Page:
Mendez posted about her experience on Facebook and then heard from others, all members of the Latin American community who had similar experiences.

She’s now part of a message group with other alleged victims.

CBC News has seen photos of a cheque posted by one of them. It’s from Guerra, and in the subject line reads “Refund Punta Cana.”

However, the photo shows the cheque bounced due to insufficient funds.

Mendez and her large extended family, pictured here in Colombia over the Christmas holidays. She says the flights she had to rebook cost $12,000 for six people. (Submitted by Andrea Mendez)

Mendez said she and her family managed to travel to Colombia over Christmas, buying last-minute flights elsewhere that cost $12,000 for six tickets, on top of the nearly $5,000 they had already paid Guerra.

She’s doubtful she’ll ever get her money back, but worries about her personal information, since she sent passport numbers for her and her family to Guerra.

Mendez is also frustrated as she first heard about Guerra through a friend in the Latin American community.

“This shouldn’t be happening,” said Mendez. “She’s targeting Spanish speakers … and it’s hurting the community.”


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Ottawa unveils funding for poultry and egg farmers hurt by free-trade deals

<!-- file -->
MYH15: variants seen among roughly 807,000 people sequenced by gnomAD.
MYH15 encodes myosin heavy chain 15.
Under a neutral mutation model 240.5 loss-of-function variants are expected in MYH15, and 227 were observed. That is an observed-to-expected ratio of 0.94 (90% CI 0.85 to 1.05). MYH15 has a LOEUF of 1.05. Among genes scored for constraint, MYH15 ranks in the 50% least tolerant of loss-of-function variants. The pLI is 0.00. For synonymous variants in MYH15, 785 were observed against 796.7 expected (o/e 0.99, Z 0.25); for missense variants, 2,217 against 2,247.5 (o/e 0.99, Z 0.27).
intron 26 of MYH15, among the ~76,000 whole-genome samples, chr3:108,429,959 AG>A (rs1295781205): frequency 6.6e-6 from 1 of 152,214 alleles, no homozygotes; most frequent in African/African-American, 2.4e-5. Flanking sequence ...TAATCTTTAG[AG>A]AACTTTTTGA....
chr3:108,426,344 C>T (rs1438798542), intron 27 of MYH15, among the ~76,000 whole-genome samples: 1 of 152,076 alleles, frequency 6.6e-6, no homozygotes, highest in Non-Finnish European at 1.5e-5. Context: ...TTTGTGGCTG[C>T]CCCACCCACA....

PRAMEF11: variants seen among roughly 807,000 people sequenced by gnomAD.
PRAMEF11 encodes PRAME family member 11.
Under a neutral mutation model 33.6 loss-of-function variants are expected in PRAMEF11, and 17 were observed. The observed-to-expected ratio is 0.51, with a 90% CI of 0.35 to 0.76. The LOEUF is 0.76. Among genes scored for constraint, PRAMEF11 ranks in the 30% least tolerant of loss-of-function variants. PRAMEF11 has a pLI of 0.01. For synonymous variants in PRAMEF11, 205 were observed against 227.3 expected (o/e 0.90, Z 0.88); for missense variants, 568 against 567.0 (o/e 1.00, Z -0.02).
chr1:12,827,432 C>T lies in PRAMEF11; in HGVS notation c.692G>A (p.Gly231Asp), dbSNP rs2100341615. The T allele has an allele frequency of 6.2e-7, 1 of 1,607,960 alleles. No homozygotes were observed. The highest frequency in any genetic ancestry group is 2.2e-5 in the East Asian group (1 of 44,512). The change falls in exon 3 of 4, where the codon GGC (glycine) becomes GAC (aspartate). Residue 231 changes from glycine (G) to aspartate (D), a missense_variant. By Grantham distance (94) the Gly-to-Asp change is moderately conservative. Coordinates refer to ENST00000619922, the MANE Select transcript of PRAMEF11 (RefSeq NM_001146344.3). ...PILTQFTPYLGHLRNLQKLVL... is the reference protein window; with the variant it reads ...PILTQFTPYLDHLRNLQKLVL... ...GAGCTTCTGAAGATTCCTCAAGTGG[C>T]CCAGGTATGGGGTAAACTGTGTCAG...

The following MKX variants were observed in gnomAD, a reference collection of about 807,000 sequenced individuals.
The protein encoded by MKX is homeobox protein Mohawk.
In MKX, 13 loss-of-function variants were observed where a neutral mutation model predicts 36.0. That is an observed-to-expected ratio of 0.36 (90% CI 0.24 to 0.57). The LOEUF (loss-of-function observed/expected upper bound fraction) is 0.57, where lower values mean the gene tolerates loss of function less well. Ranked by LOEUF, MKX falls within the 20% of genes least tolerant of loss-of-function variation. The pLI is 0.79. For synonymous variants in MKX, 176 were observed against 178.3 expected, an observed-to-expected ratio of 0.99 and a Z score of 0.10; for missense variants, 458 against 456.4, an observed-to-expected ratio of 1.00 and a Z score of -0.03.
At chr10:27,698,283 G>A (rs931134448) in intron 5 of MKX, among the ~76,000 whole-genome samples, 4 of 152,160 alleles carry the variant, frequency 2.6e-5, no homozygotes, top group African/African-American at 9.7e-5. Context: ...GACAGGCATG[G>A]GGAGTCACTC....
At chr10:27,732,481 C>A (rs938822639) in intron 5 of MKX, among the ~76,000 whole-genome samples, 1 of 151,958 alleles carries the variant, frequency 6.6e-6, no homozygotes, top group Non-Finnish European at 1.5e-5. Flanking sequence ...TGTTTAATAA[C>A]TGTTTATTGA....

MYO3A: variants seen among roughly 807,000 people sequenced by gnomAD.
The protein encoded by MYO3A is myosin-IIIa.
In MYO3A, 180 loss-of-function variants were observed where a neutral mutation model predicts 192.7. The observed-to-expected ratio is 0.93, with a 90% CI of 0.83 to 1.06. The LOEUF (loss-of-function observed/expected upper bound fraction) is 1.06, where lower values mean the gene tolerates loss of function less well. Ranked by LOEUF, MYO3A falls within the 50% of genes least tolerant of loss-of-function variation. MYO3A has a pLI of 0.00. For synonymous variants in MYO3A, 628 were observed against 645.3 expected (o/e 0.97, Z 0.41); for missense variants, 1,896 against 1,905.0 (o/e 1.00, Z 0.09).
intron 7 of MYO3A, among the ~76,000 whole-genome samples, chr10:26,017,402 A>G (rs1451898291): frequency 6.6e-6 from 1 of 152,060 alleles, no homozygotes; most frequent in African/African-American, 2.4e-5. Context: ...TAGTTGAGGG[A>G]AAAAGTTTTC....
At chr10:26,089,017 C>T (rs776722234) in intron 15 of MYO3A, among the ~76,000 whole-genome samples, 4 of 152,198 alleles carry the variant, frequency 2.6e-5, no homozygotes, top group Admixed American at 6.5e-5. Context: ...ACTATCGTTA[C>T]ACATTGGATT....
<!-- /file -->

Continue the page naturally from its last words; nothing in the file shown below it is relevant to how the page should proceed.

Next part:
Canadian egg and poultry farmers who’ve lost domestic market share due to two recent free-trade agreements will soon have access to $691 million in federal cash, Canada’s agriculture minister announced Saturday.

Marie-Claude Bibeau shared details of the long-awaited funds in a virtual news conference.

“Today we position our young farmers for growth and success tomorrow,” she said.

The money follows a previously announced $1.75 billion for the dairy sector linked to free-trade deals with Europe and countries on the Pacific Rim, one that came into effect in 2017 and the other in 2018.

The dairy sector funds were to flow over eight years, and the first $345 million payment was sent out last year.

But on Saturday, Bibeau announced a schedule for the remaining payments that will see the money flow over three years — beginning with $468 million in 2020-21, $469 million in 2021-22 and $468 million in 2022-23.

Bibeau said the most recently announced funds for dairy farmers amount to an average farm of 80 cows receiving a direct payment of $38,000 in the first year.

Payments based on formulas

David Wiens, vice-president of the Dairy Farmers of Canada, said the money will help farms make investments for the future.

“I think particularly for the younger farmers who have really struggled since these agreements have been ratified, they can actually now see opportunities, how they can continue to make those investments on the farm so that they can continue on,” he said.